For this throwback, we skip school to look at a failed Ferris Bueller’s Day Off television reboot starring a young Jennifer Aniston and a scary Scott Disick clone. //
This week in TV has been all about old favourites getting a reboot in this golden/platinum/silicon age of television. The world put the collective coffee on at the news of Twin Peaks coming back in 2016. The pilot for a television remake of the fast-talking, racially-tense Chris Tucker/Jackie Chan extravaganza Rush Hour is hilariously in the works (sans Tucker and Chan). Cameron Crowe took to holding a boombox of Twitter objection over his head at the news of NBC making a series based on his 1989 classic rom-com Say Anything, as did the film’s star John Cusack.
It seems that there are no hard and fast rules around making television reboots, no way to predict their success – and certainly no way to please everyone. In the immortal words of the famous Jennifer Aniston and Adam Sandler 2011 flick, “just go with it” and let the fans decide.
Talking of Jennifer Aniston, she was a part of a film-to-television reboot that didn’t go down so well. I’m not talking about Horrible Undercover Bosses (2018)*, I’m talking about her role in the 1990-1991 series Ferris Bueller’s Day Off, and today’s Thursday Throwback:
This ill-fated series was created by Paramount four years after Matthew Broderick gave everyone the elaborate blueprint to skip school forever. Except he didn’t return as Ferris, this guy did (right). The new Ferris was played by Charlie Schlatter and featured a Scott Disick-esque coiff and jaundice tan that made the infamous opening monologue seem more Bateman than Broderick. The chainsaw didn’t help either.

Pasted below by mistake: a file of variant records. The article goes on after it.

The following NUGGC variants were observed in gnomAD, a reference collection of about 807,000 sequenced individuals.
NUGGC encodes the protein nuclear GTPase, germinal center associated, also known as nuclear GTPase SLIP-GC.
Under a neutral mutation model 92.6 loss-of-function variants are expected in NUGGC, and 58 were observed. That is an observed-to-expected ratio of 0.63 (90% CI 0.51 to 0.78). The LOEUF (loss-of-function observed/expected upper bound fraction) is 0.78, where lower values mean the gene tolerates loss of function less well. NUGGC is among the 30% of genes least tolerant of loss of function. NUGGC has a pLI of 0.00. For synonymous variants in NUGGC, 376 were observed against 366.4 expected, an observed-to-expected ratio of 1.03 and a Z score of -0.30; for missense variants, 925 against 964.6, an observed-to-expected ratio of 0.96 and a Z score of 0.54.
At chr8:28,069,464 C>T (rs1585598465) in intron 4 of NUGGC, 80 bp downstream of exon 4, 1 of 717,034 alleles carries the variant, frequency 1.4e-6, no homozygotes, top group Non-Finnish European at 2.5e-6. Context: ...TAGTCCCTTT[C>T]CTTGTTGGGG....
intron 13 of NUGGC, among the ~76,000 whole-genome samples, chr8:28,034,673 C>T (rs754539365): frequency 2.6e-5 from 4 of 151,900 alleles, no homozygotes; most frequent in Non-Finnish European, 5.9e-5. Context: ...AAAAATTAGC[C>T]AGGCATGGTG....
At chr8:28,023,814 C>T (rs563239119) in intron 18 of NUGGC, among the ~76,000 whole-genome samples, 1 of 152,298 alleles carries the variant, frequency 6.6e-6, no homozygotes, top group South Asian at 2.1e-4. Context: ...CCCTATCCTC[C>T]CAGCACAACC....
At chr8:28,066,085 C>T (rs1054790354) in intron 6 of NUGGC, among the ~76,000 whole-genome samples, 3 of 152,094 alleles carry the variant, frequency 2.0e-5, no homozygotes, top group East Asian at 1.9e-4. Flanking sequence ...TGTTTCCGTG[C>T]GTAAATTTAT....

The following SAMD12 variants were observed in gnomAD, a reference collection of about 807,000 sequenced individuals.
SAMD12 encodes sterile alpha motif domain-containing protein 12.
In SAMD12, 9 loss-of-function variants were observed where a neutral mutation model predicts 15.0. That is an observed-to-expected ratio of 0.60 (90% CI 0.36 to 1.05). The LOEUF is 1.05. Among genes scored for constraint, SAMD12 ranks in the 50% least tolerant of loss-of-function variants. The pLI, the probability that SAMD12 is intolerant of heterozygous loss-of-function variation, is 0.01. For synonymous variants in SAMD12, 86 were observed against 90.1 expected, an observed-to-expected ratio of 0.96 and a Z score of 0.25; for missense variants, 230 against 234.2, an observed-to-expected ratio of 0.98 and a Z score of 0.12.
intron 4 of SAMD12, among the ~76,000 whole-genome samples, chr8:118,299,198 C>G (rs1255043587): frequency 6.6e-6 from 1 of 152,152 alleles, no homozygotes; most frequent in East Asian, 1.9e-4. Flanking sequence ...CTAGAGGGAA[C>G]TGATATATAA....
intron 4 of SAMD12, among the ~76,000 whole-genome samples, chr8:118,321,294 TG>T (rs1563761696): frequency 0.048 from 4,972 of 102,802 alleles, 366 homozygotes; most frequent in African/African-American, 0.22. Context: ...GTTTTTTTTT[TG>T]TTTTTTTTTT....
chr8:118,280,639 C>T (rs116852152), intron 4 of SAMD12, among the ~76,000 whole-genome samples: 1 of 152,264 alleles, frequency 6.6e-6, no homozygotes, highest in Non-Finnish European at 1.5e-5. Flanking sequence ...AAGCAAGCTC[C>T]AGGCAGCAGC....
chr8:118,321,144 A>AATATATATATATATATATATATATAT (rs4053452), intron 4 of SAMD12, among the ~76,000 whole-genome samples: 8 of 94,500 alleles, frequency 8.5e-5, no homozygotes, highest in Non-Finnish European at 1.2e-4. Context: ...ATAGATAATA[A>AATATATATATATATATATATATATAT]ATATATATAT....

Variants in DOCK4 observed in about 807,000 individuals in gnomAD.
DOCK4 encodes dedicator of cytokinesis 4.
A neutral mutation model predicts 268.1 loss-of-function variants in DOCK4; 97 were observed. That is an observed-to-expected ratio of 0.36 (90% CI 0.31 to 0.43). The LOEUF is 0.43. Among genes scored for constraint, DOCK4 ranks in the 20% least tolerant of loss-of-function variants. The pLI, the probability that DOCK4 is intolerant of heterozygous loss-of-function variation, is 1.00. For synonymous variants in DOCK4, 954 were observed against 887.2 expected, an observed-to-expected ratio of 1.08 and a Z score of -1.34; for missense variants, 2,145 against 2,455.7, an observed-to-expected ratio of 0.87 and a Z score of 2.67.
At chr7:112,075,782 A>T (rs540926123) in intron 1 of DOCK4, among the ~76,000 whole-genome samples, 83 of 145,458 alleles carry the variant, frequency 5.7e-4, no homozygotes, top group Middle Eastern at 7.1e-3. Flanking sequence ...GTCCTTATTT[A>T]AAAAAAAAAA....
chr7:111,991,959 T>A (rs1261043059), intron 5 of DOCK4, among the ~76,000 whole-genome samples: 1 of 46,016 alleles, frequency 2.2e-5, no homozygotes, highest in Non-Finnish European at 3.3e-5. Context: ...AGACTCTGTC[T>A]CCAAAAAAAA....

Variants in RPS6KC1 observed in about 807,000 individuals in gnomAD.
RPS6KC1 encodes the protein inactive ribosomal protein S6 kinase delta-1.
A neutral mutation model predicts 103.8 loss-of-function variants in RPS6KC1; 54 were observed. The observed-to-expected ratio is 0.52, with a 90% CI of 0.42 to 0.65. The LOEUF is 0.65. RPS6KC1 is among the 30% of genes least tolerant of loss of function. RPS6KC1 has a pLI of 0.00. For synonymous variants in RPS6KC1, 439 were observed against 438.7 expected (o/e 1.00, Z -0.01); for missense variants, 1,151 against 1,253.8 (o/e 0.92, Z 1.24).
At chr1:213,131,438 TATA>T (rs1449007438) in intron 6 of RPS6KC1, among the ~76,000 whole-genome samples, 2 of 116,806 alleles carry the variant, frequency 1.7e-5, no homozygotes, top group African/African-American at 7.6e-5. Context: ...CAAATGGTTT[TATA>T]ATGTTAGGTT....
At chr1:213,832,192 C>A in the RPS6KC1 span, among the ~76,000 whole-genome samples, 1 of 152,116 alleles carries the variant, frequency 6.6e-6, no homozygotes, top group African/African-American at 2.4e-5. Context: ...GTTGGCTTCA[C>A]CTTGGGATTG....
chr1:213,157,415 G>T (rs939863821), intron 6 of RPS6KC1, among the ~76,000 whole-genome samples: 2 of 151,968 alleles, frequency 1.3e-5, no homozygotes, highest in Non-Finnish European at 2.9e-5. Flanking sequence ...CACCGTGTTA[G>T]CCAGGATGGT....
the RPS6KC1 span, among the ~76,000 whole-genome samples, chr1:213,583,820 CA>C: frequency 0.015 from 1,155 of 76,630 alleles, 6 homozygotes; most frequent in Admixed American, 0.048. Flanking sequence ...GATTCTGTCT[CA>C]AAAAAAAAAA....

Jennifer Aniston starred as his sister Jeannie, who was played in the original film by Dirty Dancing‘s Jennifer Grey. Fun fact: the pair would later be reunited during Friends in “The One With The Evil Orthodontist” In the episode, J.Grey plays Mindy who is engaged to Barry, but Barry has an illicit affair with Rachel. Hey, nobody puts J.Grey in the corner!
Needless to say, the critics bloody loved this unnecessary fresh take on an instant classic film:
“Ferris Bueller spews contempt for authority, family and responsibility. In a case of the schlock calling the kettle hack, Ferris earns plenty of contempt for itself.” – USA Today
“But if Ferris were to suddenly disappear from prime time, most viewers might agree with the dreadful Mr. Rooney. ”I’ll miss you, Bueller,” he tells him, like a 20-pound boil” – New York Times
The show was cancelled before all of the 13 episodes had aired. The star of the show Charlie Schlatter was last seen voicing Milton the Mole in the video game version of Over the Hedge.
*Horrible Undercover Bosses is not a real thing, but could well be by 2018.
Subscribe to The Bulletin to get all the day’s key news stories in five minutes – delivered every weekday at 7.30am.